Budget chief suggests using inmates as road workers $75,000 savings seen

Brown cool to idea

March 31, 1998|By James M. Coram | James M. Coram,SUN STAFF

Carroll could do more road maintenance and save $75,000 if county prisoners were used as flaggers on road construction projects, the county budget director said yesterday.

But County Commissioner W. Benjamin Brown is cool to the idea.

"This issue scares me," said Brown. "The more I drive, the more I realize that flaggers have my life in their hands. I'm not at all comfortable with guys from the jail having the right attitude or attention span" to control traffic at construction sites.

Budget Director Steven D. Powell said Carroll would not be the first jurisdiction in the state to use prisoners as flaggers. Prisoners would receive training and become "certified" before going out on road projects, he said.

Brown was not convinced.

"Some of the people [in the Detention Center] are in that situation because they had an [anti-public] attitude in the first place," he said.

Powell offered the proposal during a budget hearing yesterday as an alternative to a budget request from J. Michael Evans, the county public works director.

Evans had asked the commissioners for an additional $75,000 in a $10 million spending request to hire summer employees as flaggers.

Having well-trained people is essential, he said. "I think of flaggers more as saving our people's lives than yours," Evans told Brown and Commissioners Donald I. Dell and Richard T. Yates.

Two members of each of the county's six- to eight-person road crews act as flaggers. Hiring seasonal flaggers would free those crew members for construction and would allow the county to repair more miles of road, Evans said.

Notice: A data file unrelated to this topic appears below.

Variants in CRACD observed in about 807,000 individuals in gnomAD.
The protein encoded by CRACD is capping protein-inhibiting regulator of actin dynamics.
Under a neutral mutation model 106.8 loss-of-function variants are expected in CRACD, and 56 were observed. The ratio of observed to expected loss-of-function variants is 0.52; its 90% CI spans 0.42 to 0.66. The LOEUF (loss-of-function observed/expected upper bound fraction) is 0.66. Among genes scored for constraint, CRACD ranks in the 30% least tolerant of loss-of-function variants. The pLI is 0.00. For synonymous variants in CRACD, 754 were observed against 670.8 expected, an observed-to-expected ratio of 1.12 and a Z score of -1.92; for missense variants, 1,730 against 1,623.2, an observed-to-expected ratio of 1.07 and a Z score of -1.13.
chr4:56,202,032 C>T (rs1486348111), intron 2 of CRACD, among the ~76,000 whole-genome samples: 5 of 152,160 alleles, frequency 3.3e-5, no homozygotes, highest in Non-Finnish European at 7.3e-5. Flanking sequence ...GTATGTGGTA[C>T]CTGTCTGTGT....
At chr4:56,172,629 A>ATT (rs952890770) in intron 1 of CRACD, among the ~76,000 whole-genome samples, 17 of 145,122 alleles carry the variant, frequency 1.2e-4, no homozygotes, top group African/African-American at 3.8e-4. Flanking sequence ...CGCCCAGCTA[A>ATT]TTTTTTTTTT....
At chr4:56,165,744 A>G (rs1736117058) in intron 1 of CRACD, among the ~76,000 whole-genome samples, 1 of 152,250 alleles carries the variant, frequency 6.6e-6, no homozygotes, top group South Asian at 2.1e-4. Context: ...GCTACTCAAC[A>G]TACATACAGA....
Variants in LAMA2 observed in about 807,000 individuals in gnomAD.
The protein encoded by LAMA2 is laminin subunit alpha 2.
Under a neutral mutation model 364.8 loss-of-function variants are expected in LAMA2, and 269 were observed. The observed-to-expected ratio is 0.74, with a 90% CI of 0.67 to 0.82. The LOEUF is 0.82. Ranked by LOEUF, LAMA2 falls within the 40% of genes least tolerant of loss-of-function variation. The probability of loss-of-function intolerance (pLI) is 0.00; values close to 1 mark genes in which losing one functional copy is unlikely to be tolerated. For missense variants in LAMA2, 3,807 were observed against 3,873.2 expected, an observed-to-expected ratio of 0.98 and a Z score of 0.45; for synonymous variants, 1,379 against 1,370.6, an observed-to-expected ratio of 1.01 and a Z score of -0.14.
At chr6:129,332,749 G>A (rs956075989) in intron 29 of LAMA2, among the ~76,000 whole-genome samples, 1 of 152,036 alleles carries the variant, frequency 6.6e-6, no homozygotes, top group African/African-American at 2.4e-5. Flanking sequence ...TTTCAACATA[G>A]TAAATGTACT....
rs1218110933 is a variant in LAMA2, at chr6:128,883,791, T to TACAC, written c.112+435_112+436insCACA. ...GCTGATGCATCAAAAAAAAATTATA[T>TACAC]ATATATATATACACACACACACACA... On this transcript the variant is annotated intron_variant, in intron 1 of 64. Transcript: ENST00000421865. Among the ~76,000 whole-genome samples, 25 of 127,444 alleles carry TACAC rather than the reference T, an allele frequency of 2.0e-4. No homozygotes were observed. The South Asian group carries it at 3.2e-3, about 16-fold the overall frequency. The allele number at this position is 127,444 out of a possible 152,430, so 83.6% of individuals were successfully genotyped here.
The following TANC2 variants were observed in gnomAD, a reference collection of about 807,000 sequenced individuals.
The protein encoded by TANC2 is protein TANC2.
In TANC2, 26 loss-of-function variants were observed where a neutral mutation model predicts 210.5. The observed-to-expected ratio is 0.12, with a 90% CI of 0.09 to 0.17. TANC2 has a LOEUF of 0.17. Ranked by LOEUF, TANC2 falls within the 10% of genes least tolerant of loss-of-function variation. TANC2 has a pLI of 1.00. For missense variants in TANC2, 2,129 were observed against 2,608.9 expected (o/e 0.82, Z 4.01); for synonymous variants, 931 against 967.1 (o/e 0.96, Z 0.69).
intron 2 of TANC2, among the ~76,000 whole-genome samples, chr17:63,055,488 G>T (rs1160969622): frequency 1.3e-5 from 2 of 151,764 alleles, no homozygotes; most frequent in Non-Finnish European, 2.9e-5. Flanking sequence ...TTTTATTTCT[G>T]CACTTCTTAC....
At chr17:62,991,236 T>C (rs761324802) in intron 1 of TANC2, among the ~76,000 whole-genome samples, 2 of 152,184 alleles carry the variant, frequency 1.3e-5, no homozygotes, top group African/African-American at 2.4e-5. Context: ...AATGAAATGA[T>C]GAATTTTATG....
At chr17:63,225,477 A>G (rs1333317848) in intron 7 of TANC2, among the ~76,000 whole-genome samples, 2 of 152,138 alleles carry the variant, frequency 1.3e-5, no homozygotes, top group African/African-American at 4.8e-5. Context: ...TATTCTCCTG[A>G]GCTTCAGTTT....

Powell is negotiating with Warden Mason Waters about making prisoners available.

Attire might be an issue.

Sheriff John Brown requires Detention Center prisoners to wear prison stripes -- black-and-white outfits with large red P's on the back. "I have asked if they can wear orange jump suits rather than the black and white," Powell said.

He told the commissioners he would bring the proposal to them after he and Waters had worked it out.

Evans was one of four department heads to meet with the commissioners to seek at least the same level of funding in the fiscal year beginning July 1 as they are getting now.

If the commissioners turn down the proposal to use county inmates, Powell will recommend against putting money for flaggers in the fiscal 1999 budget. "We haven't funded it for years," he said.

Circuit Judge Raymond E. Beck Sr. was another yesterday who sought an increase above what Powell has recommended for the coming year. Beck asked the commissioners for an additional $15,000 to give 21 of his 121 court employees a 2 percent merit raise. The raise would be in addition to any cost-of-living raise the commissioners decide to give employees.

Although the county set up a merit-raise program for the court in 1992, it has never been funded, said Beck, who is requesting $1.3 million total in the coming year.

"We have worked very hard in setting up and implementing this plan" and continue to evaluate employees annually, he said, "but we have not received any funding to be able to reward our outstanding, hard-working employees and to show them that this compensation plan actually works."

Such raises are not likely this year either, Brown said.

"I don't know that we could give your employees merit raises and not do it for others," Brown said.

Dell, who was elected in 1990, said the county has not provided merit raises since he has been in office.

Beck said the court has saved money that could be applied to raises by getting a used copier free from the federal marshal's office rather than buying a new one.

"Everybody does that," Dell said. "Our staffs go out of the way to save money."

The commissioners will continue their review of departmental spending requests tonight when they meet with the Board of Education.

They will hold work sessions on departmental budget requests next week and will adopt a proposed budget, which will be the subject of a public hearing May 7.

The commissioners plan to adopt a budget for fiscal 1999 and set the property tax rate on May 28.

Pub Date: 3/31/98

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